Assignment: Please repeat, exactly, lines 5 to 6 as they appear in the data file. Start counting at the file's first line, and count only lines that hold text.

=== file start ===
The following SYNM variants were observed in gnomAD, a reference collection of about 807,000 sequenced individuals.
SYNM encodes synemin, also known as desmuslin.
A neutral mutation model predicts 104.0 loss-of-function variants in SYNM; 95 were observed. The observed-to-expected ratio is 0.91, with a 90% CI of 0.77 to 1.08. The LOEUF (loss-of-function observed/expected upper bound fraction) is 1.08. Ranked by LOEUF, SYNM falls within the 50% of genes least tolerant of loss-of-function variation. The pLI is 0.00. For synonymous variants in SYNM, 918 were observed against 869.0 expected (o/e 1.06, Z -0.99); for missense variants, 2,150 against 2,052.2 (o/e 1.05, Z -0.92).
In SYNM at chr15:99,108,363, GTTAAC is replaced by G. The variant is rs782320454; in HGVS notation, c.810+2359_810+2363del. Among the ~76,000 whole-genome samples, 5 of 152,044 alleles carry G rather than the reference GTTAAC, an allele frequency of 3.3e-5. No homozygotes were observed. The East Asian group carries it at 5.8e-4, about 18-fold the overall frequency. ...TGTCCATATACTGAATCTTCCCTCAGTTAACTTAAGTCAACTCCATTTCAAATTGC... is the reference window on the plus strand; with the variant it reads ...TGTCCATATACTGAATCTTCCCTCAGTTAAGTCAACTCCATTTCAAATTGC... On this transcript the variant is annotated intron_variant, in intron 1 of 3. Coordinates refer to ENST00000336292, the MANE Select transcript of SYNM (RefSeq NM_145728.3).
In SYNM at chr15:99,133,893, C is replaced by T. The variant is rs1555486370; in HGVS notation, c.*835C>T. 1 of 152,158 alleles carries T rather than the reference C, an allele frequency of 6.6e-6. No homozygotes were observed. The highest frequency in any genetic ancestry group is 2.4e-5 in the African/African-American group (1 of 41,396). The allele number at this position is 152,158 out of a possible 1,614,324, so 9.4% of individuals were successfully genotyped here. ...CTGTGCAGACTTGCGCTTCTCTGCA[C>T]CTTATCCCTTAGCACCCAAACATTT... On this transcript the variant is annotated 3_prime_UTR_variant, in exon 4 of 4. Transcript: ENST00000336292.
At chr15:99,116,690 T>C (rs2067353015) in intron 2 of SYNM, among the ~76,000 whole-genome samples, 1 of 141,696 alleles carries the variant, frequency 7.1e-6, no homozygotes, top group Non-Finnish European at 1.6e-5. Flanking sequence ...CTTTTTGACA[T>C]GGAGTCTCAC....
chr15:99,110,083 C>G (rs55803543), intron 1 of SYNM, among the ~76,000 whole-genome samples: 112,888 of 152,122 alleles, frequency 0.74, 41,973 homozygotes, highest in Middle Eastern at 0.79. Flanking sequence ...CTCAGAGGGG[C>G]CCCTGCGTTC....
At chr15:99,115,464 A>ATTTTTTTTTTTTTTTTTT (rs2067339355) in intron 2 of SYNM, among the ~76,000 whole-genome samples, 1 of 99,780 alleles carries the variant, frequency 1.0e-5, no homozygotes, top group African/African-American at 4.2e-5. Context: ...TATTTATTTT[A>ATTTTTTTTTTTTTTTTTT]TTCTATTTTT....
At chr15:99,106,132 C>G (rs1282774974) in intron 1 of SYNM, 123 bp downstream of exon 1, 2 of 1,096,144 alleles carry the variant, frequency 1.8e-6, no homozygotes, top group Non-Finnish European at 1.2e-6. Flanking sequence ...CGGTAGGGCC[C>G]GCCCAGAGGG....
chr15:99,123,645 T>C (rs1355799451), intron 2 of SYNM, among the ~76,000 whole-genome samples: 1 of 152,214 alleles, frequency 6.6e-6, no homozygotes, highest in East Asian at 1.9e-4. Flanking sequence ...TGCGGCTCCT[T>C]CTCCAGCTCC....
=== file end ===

In SYNM at chr15:99,133,893, C is replaced by T. The variant is rs1555486370; in HGVS notation, c.*835C>T. 1 of 152,158 alleles carries T rather than the reference C, an allele frequency of 6.6e-6. No homozygotes were observed. The highest frequency in any genetic ancestry group is 2.4e-5 in the African/African-American group (1 of 41,396). The allele number at this position is 152,158 out of a possible 1,614,324, so 9.4% of individuals were successfully genotyped here. ...CTGTGCAGACTTGCGCTTCTCTGCA[C>T]CTTATCCCTTAGCACCCAAACATTT... On this transcript the variant is annotated 3_prime_UTR_variant, in exon 4 of 4. Transcript: ENST00000336292.
At chr15:99,116,690 T>C (rs2067353015) in intron 2 of SYNM, among the ~76,000 whole-genome samples, 1 of 141,696 alleles carries the variant, frequency 7.1e-6, no homozygotes, top group Non-Finnish European at 1.6e-5. Flanking sequence ...CTTTTTGACA[T>C]GGAGTCTCAC....